Cow Hunter's Bunkhouse
Backstory and Context
In early Manatee County, it was not unusual to see a cow wandering down Main Street. Florida was an open range state, meaning ranchers did not have to fence in their cattle. They roamed free across the state.
Ranchers paid cow hunters to hunt down their cattle for market in Florida’s thick scrub woods.
"The Fence Law" (Senate Bill 34) passed in 1949, requiring ranchers to fence their property.
In the late 1800s, cow hunters on the coasts of Florida needed a route between settlements in the East and ports in the West to ship cattle. A straight path through central Florida proved to be the only one not blocked by swamps or rivers.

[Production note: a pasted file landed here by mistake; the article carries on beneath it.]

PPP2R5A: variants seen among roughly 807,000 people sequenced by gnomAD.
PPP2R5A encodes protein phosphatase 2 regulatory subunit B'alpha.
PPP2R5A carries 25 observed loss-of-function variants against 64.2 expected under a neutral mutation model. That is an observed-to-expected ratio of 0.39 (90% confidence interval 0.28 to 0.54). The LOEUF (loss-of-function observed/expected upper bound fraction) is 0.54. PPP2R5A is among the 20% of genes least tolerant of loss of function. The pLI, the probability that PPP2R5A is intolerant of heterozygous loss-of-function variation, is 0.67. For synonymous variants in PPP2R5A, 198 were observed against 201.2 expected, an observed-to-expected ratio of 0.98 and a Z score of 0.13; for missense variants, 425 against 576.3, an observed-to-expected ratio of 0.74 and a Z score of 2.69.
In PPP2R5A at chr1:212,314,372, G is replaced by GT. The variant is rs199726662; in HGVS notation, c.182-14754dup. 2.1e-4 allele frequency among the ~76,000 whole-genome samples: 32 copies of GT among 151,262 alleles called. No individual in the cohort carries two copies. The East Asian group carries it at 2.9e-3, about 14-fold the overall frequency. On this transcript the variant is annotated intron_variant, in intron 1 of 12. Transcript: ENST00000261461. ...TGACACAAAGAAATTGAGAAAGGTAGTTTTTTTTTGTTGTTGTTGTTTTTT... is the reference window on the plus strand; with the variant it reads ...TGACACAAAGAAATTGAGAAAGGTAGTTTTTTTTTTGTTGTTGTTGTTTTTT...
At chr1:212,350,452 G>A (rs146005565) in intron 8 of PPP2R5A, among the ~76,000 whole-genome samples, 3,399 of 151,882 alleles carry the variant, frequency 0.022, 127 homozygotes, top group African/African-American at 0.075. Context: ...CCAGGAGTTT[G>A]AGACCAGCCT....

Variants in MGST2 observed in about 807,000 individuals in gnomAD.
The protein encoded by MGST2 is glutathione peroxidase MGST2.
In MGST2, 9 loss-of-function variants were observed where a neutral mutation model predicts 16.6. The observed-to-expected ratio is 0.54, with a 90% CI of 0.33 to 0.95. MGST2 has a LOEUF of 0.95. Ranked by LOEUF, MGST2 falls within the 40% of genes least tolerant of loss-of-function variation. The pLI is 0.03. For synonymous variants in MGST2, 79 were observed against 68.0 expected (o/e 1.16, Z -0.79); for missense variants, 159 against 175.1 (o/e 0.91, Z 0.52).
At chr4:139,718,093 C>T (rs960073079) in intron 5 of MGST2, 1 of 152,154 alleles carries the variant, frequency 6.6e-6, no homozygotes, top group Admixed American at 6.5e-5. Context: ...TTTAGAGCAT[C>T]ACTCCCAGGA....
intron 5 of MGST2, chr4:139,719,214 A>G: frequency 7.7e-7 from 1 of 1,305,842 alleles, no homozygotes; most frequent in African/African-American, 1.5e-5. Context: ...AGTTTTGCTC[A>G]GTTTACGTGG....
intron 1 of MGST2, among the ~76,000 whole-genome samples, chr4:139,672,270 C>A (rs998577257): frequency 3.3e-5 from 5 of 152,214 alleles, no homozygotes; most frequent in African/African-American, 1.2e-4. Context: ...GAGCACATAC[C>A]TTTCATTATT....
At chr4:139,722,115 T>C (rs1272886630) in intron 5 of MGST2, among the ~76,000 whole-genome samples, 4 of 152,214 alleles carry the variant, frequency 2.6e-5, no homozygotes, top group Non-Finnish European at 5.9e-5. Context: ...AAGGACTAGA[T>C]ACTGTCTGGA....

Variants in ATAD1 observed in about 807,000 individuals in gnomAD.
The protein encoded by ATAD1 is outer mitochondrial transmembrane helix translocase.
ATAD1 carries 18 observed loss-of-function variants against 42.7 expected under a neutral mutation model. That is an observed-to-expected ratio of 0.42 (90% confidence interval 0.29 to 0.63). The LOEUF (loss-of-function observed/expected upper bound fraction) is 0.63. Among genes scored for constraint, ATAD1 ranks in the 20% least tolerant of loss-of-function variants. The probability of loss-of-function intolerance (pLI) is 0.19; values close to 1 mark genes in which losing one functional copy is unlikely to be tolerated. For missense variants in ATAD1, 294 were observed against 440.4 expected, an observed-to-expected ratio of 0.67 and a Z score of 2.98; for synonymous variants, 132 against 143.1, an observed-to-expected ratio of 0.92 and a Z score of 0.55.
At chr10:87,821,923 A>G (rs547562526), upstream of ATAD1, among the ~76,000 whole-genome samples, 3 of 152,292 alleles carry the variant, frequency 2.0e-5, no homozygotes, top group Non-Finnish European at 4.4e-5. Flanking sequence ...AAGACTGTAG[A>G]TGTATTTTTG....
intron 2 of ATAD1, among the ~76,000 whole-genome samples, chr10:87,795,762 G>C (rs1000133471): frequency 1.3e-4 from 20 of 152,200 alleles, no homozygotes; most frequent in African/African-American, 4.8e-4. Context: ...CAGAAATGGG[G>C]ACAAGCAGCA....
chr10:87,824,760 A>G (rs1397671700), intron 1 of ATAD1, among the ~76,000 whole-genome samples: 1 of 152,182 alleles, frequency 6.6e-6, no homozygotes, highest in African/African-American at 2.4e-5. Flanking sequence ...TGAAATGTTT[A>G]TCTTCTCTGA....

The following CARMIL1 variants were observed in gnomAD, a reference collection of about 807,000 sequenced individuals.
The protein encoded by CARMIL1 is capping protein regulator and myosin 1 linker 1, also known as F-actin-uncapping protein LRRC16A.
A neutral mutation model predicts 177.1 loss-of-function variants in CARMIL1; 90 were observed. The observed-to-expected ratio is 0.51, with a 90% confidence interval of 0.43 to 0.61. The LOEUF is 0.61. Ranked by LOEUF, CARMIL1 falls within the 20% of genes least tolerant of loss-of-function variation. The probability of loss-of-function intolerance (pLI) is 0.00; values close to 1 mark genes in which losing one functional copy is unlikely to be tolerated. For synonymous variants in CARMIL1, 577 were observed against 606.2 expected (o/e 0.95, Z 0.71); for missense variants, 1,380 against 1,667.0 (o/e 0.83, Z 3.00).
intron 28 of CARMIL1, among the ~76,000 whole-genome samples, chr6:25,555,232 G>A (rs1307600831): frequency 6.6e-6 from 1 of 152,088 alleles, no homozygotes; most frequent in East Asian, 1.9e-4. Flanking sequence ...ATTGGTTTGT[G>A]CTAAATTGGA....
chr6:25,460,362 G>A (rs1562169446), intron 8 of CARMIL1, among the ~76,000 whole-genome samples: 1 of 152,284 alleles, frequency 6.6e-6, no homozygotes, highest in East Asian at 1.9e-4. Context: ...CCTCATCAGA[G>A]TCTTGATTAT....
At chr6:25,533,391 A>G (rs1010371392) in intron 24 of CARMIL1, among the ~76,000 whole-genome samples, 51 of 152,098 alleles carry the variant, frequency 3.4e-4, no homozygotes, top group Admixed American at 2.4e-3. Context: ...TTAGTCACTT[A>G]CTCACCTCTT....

As the cattle industry boomed, Florida Crackers, cattle, horses, and wagons traveled between destinations on each coast. Over time, the route developed into a series of unmarked highways surrounded by miles of brush and plains.
The Florida Cracker Trail Association formed in 1986. They worked to get the route marked to honor history and raise awareness. In 1987, the Florida State Legislature designated a group of highways from Bradenton to Fort Pierce as the “Florida Cracker Trail.”
Manatee Village Historical Park marks the western end, while P. P. Cobb’s General Store in Fort Pierce marks the eastern end. Every year, the Florida Cracker Trail Association hosts an annual ride in which participants on horseback retrace the 120 mile trail.
This entry was written by Manatee Village Historical Park staff
Manatee Village Historical Park